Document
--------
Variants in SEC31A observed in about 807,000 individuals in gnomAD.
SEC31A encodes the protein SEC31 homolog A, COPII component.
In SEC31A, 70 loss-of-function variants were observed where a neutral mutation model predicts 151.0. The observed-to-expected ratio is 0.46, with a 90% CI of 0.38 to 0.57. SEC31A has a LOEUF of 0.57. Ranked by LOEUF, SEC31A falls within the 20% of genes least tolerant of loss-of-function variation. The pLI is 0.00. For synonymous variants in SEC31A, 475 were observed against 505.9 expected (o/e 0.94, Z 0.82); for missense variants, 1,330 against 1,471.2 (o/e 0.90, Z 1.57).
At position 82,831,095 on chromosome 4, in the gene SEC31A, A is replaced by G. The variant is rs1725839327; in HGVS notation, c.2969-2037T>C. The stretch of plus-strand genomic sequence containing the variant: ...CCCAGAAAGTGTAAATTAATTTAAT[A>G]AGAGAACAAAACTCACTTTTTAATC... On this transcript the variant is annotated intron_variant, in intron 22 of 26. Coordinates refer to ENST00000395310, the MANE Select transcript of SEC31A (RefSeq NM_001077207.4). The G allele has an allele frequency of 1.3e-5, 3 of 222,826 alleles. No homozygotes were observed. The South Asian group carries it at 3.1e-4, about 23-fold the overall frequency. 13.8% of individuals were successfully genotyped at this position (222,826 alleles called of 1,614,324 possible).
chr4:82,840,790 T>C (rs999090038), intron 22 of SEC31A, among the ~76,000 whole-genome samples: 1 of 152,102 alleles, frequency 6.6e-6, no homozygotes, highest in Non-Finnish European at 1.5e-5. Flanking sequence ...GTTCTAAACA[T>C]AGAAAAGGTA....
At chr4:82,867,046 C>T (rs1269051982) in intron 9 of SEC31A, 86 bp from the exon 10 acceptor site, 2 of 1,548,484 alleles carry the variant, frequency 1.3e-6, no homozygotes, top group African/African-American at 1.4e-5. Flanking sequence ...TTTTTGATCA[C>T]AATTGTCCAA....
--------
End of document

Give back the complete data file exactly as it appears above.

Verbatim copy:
Variants in SEC31A observed in about 807,000 individuals in gnomAD.
SEC31A encodes the protein SEC31 homolog A, COPII component.
In SEC31A, 70 loss-of-function variants were observed where a neutral mutation model predicts 151.0. The observed-to-expected ratio is 0.46, with a 90% CI of 0.38 to 0.57. SEC31A has a LOEUF of 0.57. Ranked by LOEUF, SEC31A falls within the 20% of genes least tolerant of loss-of-function variation. The pLI is 0.00. For synonymous variants in SEC31A, 475 were observed against 505.9 expected (o/e 0.94, Z 0.82); for missense variants, 1,330 against 1,471.2 (o/e 0.90, Z 1.57).
At position 82,831,095 on chromosome 4, in the gene SEC31A, A is replaced by G. The variant is rs1725839327; in HGVS notation, c.2969-2037T>C. The stretch of plus-strand genomic sequence containing the variant: ...CCCAGAAAGTGTAAATTAATTTAAT[A>G]AGAGAACAAAACTCACTTTTTAATC... On this transcript the variant is annotated intron_variant, in intron 22 of 26. Coordinates refer to ENST00000395310, the MANE Select transcript of SEC31A (RefSeq NM_001077207.4). The G allele has an allele frequency of 1.3e-5, 3 of 222,826 alleles. No homozygotes were observed. The South Asian group carries it at 3.1e-4, about 23-fold the overall frequency. 13.8% of individuals were successfully genotyped at this position (222,826 alleles called of 1,614,324 possible).
chr4:82,840,790 T>C (rs999090038), intron 22 of SEC31A, among the ~76,000 whole-genome samples: 1 of 152,102 alleles, frequency 6.6e-6, no homozygotes, highest in Non-Finnish European at 1.5e-5. Flanking sequence ...GTTCTAAACA[T>C]AGAAAAGGTA....
At chr4:82,867,046 C>T (rs1269051982) in intron 9 of SEC31A, 86 bp from the exon 10 acceptor site, 2 of 1,548,484 alleles carry the variant, frequency 1.3e-6, no homozygotes, top group African/African-American at 1.4e-5. Flanking sequence ...TTTTTGATCA[C>T]AATTGTCCAA....